The Gallery of Unfinished Girls released on July 25 in the USA and Canada.
Signed copies are available through Charis Books and More in Atlanta, GA.
If you've read the book, I'd love if you left a rating and review on Amazon!
A beautiful and evocative look at identity and creativity, The Gallery of Unfinished Girls is a stunning debut in magical realism. Perfect for fans of The Walls Around Us and Bone Gap.
Mercedes Moreno is an artist. At least, she thinks she could be, even though she hasn’t been able to paint anything worthwhile in the past year.
Her lack of inspiration might be because her abuela is in a coma. Or the fact that Mercedes is in love with her best friend, Victoria, but is too afraid to admit her true feelings.
Despite Mercedes’s creative block, art starts to show up in unexpected ways. A piano appears on her front lawn one morning, and a mysterious new neighbor invites Mercedes to paint with her at the Red Mangrove Estate.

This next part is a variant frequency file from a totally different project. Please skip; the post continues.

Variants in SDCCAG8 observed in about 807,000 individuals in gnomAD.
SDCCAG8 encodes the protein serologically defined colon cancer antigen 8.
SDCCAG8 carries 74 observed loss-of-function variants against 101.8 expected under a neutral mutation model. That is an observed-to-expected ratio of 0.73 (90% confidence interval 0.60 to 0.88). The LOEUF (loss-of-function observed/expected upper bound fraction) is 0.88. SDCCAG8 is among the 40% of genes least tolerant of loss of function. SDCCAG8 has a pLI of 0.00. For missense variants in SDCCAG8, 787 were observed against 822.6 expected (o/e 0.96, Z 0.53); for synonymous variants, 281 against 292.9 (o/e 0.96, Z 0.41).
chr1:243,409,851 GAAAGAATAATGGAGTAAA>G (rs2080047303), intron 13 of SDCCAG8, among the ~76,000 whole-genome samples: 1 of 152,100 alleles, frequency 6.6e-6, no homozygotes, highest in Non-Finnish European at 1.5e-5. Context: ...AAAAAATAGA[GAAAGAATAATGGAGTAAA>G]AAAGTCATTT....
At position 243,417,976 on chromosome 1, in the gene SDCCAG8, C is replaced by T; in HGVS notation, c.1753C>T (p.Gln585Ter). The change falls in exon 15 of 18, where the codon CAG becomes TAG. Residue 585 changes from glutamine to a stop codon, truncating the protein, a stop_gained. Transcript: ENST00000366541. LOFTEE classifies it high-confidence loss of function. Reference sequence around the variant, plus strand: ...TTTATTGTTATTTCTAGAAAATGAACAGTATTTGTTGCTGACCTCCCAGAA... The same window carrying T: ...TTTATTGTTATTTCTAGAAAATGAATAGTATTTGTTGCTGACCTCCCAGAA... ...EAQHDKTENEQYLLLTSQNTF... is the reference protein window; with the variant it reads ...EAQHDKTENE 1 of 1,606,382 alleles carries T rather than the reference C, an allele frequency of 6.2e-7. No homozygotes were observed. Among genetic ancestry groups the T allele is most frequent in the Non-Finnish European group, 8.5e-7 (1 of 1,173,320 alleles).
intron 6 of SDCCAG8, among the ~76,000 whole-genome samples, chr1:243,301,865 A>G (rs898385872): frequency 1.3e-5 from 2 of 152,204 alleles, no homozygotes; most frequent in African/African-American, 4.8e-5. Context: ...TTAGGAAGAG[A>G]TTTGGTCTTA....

At the Estate, Mercedes can create in ways she hasn’t ever before. But Mercedes can’t take anything out of the Estate, including her new-found clarity. Mercedes can’t live both lives forever, and ultimately she must choose between this perfect world of art and truth and a much messier reality.
A Junior Library Guild Selection
“A dreamy and subtle work of art, The Gallery of Unfinished Girls explores love, family, and the maddening, magical drive to create art.”
— Adi Alsaid, author of Let's Get Lost
"[A] great title that tackles death, love, creativity, growing up, and moving on."
— School Library Journal
"A bold debut... Mercedes emerges as a fiercely independent female protagonist."
“Francesca Lia Block fans will be right at home with this mix of magical realism, girl power self-actualization, and the concept that family can be both biological and found, and they’ll likely keep an eye out to see what this debut author will do next.” — Bulletin of the Center for Children’s Books
“The novel’s mix of self-discovery, art making, and the unknown should resonate with fans of A.S. King’s work.” — Publishers Weekly